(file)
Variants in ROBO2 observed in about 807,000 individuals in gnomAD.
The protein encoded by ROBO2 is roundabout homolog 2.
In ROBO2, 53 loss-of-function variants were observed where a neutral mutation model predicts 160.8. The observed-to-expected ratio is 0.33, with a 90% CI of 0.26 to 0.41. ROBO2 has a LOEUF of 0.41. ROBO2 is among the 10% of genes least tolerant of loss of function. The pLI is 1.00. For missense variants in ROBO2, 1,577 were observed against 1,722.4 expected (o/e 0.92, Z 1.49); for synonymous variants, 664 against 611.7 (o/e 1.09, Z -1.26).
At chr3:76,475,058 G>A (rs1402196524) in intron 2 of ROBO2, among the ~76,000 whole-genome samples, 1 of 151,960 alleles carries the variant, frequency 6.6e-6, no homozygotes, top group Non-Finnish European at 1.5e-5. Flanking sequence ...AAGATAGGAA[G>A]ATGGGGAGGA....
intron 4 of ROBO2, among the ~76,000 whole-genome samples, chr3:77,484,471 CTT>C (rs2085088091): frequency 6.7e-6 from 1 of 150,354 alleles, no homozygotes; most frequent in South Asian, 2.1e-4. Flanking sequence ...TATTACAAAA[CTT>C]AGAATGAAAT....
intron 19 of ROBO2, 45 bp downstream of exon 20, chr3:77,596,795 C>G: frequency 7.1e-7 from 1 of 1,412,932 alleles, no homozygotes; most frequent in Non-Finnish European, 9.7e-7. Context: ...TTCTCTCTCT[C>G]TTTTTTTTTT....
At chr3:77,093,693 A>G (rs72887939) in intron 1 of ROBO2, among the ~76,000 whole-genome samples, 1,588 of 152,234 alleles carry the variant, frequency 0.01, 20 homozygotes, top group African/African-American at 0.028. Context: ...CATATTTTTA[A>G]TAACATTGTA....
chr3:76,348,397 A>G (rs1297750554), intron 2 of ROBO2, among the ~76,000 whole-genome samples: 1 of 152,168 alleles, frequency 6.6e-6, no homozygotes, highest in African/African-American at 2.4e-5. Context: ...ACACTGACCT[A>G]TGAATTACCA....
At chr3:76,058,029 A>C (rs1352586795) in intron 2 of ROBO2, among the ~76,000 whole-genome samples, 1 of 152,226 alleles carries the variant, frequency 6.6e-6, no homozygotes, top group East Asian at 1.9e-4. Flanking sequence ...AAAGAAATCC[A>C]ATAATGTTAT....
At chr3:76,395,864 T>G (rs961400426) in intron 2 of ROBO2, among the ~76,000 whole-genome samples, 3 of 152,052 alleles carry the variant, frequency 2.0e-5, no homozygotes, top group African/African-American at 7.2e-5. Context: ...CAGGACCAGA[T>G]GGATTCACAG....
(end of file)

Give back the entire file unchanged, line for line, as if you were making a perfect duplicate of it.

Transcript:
Variants in ROBO2 observed in about 807,000 individuals in gnomAD.
The protein encoded by ROBO2 is roundabout homolog 2.
In ROBO2, 53 loss-of-function variants were observed where a neutral mutation model predicts 160.8. The observed-to-expected ratio is 0.33, with a 90% CI of 0.26 to 0.41. ROBO2 has a LOEUF of 0.41. ROBO2 is among the 10% of genes least tolerant of loss of function. The pLI is 1.00. For missense variants in ROBO2, 1,577 were observed against 1,722.4 expected (o/e 0.92, Z 1.49); for synonymous variants, 664 against 611.7 (o/e 1.09, Z -1.26).
At chr3:76,475,058 G>A (rs1402196524) in intron 2 of ROBO2, among the ~76,000 whole-genome samples, 1 of 151,960 alleles carries the variant, frequency 6.6e-6, no homozygotes, top group Non-Finnish European at 1.5e-5. Flanking sequence ...AAGATAGGAA[G>A]ATGGGGAGGA....
intron 4 of ROBO2, among the ~76,000 whole-genome samples, chr3:77,484,471 CTT>C (rs2085088091): frequency 6.7e-6 from 1 of 150,354 alleles, no homozygotes; most frequent in South Asian, 2.1e-4. Flanking sequence ...TATTACAAAA[CTT>C]AGAATGAAAT....
intron 19 of ROBO2, 45 bp downstream of exon 20, chr3:77,596,795 C>G: frequency 7.1e-7 from 1 of 1,412,932 alleles, no homozygotes; most frequent in Non-Finnish European, 9.7e-7. Context: ...TTCTCTCTCT[C>G]TTTTTTTTTT....
At chr3:77,093,693 A>G (rs72887939) in intron 1 of ROBO2, among the ~76,000 whole-genome samples, 1,588 of 152,234 alleles carry the variant, frequency 0.01, 20 homozygotes, top group African/African-American at 0.028. Context: ...CATATTTTTA[A>G]TAACATTGTA....
chr3:76,348,397 A>G (rs1297750554), intron 2 of ROBO2, among the ~76,000 whole-genome samples: 1 of 152,168 alleles, frequency 6.6e-6, no homozygotes, highest in African/African-American at 2.4e-5. Context: ...ACACTGACCT[A>G]TGAATTACCA....
At chr3:76,058,029 A>C (rs1352586795) in intron 2 of ROBO2, among the ~76,000 whole-genome samples, 1 of 152,226 alleles carries the variant, frequency 6.6e-6, no homozygotes, top group East Asian at 1.9e-4. Flanking sequence ...AAAGAAATCC[A>C]ATAATGTTAT....
At chr3:76,395,864 T>G (rs961400426) in intron 2 of ROBO2, among the ~76,000 whole-genome samples, 3 of 152,052 alleles carry the variant, frequency 2.0e-5, no homozygotes, top group African/African-American at 7.2e-5. Context: ...CAGGACCAGA[T>G]GGATTCACAG....